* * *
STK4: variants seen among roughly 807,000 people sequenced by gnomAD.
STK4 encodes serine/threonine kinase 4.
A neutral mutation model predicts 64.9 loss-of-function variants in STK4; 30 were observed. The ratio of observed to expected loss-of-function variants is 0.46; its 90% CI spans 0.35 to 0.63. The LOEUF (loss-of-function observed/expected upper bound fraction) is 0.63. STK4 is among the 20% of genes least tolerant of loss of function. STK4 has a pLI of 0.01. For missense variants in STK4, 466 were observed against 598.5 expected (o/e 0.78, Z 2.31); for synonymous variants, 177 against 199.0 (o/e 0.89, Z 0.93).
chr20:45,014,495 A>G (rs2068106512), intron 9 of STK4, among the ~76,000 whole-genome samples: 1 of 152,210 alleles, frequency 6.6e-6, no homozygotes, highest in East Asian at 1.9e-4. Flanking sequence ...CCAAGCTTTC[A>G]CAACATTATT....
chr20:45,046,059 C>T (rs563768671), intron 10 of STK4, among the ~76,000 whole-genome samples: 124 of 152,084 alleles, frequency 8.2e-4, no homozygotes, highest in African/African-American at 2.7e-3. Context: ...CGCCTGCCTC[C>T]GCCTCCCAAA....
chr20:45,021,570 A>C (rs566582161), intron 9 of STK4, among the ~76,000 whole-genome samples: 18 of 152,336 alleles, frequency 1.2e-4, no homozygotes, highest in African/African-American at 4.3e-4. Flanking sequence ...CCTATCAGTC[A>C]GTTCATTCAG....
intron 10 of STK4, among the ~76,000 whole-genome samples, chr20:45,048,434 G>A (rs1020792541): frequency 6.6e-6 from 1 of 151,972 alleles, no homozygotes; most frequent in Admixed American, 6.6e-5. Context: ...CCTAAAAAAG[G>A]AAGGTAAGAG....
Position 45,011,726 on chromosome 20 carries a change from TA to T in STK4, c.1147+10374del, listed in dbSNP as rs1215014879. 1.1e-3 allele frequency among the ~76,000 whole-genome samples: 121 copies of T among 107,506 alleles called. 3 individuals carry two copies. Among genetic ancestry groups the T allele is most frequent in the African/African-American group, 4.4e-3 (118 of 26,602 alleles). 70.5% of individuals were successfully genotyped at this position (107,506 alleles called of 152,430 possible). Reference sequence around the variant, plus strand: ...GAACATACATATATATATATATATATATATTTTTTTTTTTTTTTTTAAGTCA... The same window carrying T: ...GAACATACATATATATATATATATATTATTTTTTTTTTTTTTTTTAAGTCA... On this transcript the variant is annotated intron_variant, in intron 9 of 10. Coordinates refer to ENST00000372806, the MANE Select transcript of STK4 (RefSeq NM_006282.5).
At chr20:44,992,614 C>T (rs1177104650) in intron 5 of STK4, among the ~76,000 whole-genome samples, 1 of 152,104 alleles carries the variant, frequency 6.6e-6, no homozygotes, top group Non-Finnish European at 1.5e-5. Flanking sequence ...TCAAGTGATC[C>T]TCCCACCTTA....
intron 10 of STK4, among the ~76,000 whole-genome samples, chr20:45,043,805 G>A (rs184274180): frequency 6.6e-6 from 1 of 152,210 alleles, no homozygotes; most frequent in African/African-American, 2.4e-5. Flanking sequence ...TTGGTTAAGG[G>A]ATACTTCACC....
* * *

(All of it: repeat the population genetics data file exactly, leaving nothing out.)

STK4: variants seen among roughly 807,000 people sequenced by gnomAD.
STK4 encodes serine/threonine kinase 4.
A neutral mutation model predicts 64.9 loss-of-function variants in STK4; 30 were observed. The ratio of observed to expected loss-of-function variants is 0.46; its 90% CI spans 0.35 to 0.63. The LOEUF (loss-of-function observed/expected upper bound fraction) is 0.63. STK4 is among the 20% of genes least tolerant of loss of function. STK4 has a pLI of 0.01. For missense variants in STK4, 466 were observed against 598.5 expected (o/e 0.78, Z 2.31); for synonymous variants, 177 against 199.0 (o/e 0.89, Z 0.93).
chr20:45,014,495 A>G (rs2068106512), intron 9 of STK4, among the ~76,000 whole-genome samples: 1 of 152,210 alleles, frequency 6.6e-6, no homozygotes, highest in East Asian at 1.9e-4. Flanking sequence ...CCAAGCTTTC[A>G]CAACATTATT....
chr20:45,046,059 C>T (rs563768671), intron 10 of STK4, among the ~76,000 whole-genome samples: 124 of 152,084 alleles, frequency 8.2e-4, no homozygotes, highest in African/African-American at 2.7e-3. Context: ...CGCCTGCCTC[C>T]GCCTCCCAAA....
chr20:45,021,570 A>C (rs566582161), intron 9 of STK4, among the ~76,000 whole-genome samples: 18 of 152,336 alleles, frequency 1.2e-4, no homozygotes, highest in African/African-American at 4.3e-4. Flanking sequence ...CCTATCAGTC[A>C]GTTCATTCAG....
intron 10 of STK4, among the ~76,000 whole-genome samples, chr20:45,048,434 G>A (rs1020792541): frequency 6.6e-6 from 1 of 151,972 alleles, no homozygotes; most frequent in Admixed American, 6.6e-5. Context: ...CCTAAAAAAG[G>A]AAGGTAAGAG....
Position 45,011,726 on chromosome 20 carries a change from TA to T in STK4, c.1147+10374del, listed in dbSNP as rs1215014879. 1.1e-3 allele frequency among the ~76,000 whole-genome samples: 121 copies of T among 107,506 alleles called. 3 individuals carry two copies. Among genetic ancestry groups the T allele is most frequent in the African/African-American group, 4.4e-3 (118 of 26,602 alleles). 70.5% of individuals were successfully genotyped at this position (107,506 alleles called of 152,430 possible). Reference sequence around the variant, plus strand: ...GAACATACATATATATATATATATATATATTTTTTTTTTTTTTTTTAAGTCA... The same window carrying T: ...GAACATACATATATATATATATATATTATTTTTTTTTTTTTTTTTAAGTCA... On this transcript the variant is annotated intron_variant, in intron 9 of 10. Coordinates refer to ENST00000372806, the MANE Select transcript of STK4 (RefSeq NM_006282.5).
At chr20:44,992,614 C>T (rs1177104650) in intron 5 of STK4, among the ~76,000 whole-genome samples, 1 of 152,104 alleles carries the variant, frequency 6.6e-6, no homozygotes, top group Non-Finnish European at 1.5e-5. Flanking sequence ...TCAAGTGATC[C>T]TCCCACCTTA....
intron 10 of STK4, among the ~76,000 whole-genome samples, chr20:45,043,805 G>A (rs184274180): frequency 6.6e-6 from 1 of 152,210 alleles, no homozygotes; most frequent in African/African-American, 2.4e-5. Flanking sequence ...TTGGTTAAGG[G>A]ATACTTCACC....